It is the most wonderful time of the year, but it's also the most hectic time of the year with holiday parties, traveling, shopping, and tying up loose ends before the New Year. I thought for today's commentary, I'd discuss some investment and finance related issues to consider prior to year end. Year end planning is important every year, but it's especially important for 2013. A new tax code went into effect this year, which presents a number of opportunities and challenges as we head into tax season and the New Year.
The following 5 topics are some ideas to consider before the end of the year:
Donate to a charity:
Most people donate to charities because it's something they feel strongly about supporting, but it also is a great way to decrease your tax bill. Studies show that charities receive 40% of their contribution between Thanksgiving and the end of the year. Many of our clients have highly appreciated assets that they gift to charities throughout the year. There are also Donor Advised Funds that many people use that combine favorable tax benefits and the flexibility to easily support your favorite charitable cause when you want.
Consider selling investments that have lost value:
Many investors employ tax-loss harvesting as a strategy for reducing taxes on realized gains from appreciated investments. To claim losses, you'll need to sell your depreciated investments by 12/31 of this year.
Make an extra contribution to your 401k or open an IRA:
Even if you contribute to your tax-deferred retirement savings plan through work such as a 401k or 403b, take a few minutes to see whether you can maximize your contributions between now and year end. The maximum you can contribute to these accounts for 2013 is $17,500 if you're under 50, and $23,000 if you're over 50. If you aren't eligible for a retirement plan through work or if you want to contribute more to retirement accounts, consider making IRA contributions. If you're under 50, you can contribute up to $5,500 per year, and if you're 50 and older you can contribute $6,500 per year. Making contributions to these types of accounts is great for 2 reasons: 1. You are saving for retirement. 2. You reduce your taxable income for the year.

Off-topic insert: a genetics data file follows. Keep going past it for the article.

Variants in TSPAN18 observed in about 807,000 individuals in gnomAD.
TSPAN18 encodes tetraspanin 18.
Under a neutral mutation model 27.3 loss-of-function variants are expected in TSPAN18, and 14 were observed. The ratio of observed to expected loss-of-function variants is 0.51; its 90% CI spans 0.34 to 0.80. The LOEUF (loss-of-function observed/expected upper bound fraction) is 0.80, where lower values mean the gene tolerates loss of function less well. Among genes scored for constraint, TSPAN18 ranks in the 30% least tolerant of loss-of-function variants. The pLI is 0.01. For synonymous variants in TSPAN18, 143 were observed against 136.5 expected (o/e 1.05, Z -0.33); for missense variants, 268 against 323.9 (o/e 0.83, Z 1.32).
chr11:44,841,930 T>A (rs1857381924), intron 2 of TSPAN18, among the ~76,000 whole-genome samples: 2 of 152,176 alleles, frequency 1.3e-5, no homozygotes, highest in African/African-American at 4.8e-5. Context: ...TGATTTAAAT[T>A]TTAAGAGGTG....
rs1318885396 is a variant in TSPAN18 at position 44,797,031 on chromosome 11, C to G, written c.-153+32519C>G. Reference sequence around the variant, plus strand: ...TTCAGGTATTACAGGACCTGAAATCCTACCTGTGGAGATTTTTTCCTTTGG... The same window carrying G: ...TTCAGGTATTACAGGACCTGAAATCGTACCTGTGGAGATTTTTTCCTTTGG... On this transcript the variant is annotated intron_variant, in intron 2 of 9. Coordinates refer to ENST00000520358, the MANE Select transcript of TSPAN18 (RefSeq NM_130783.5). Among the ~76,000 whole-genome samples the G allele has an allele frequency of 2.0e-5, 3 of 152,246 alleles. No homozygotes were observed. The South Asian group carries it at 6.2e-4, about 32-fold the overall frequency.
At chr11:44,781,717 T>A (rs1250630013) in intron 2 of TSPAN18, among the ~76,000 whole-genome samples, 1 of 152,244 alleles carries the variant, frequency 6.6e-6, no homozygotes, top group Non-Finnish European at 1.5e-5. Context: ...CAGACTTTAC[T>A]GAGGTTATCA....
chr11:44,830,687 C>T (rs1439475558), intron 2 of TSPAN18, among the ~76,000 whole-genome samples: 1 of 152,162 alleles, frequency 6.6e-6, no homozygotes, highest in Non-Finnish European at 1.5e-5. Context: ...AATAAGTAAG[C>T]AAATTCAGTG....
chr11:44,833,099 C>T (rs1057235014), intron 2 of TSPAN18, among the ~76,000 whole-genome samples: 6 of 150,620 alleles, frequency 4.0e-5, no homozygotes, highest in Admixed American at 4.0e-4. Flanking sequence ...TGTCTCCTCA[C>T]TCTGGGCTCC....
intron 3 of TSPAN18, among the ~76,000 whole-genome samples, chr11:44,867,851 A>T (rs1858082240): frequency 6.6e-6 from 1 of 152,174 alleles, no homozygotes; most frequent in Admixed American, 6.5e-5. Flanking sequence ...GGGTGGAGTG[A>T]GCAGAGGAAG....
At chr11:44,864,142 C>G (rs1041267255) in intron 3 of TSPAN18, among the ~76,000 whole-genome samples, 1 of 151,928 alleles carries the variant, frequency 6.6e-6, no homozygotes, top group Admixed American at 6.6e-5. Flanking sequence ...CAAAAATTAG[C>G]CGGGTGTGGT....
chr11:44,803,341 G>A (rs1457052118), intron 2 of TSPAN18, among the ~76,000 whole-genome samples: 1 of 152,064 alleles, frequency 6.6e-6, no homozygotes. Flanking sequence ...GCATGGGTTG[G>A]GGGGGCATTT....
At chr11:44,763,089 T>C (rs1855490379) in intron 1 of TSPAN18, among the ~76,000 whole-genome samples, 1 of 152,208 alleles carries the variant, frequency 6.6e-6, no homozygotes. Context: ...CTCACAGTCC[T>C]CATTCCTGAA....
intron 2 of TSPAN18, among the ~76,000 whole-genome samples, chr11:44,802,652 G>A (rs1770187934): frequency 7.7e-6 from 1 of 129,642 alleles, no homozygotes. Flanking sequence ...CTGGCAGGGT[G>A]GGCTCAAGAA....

Review the beneficiaries on financial accounts and insurance policies:
This is something we do with our clients at least annually. It's very important to make sure that you have a designated beneficiary for each account or policy. It can be as important as writing a will, but less complex. It's especially important if you've had significant changes in your life such as births, deaths, or marital status. An important point to keep in mind is that retirement accounts pass directly to named beneficiaries, rather than being part of your estate. This can provide significant tax advantages for your heirs.
Take Required Minimum Distributions if you're over 70.5:
If you are over 70.5, the IRS requires you to take a distribution from your IRA or 401k. There is a steep penalty of 50% on the amount not taken in addition to the regular income tax on the amount that should have been withdrawn.
Not all 5 of these will be applicable to everyone, but these are some good tips for heading into the end of the year and issues that we work with clients on a day to day basis. Please contact us if you have any questions on the ideas I've mentioned.
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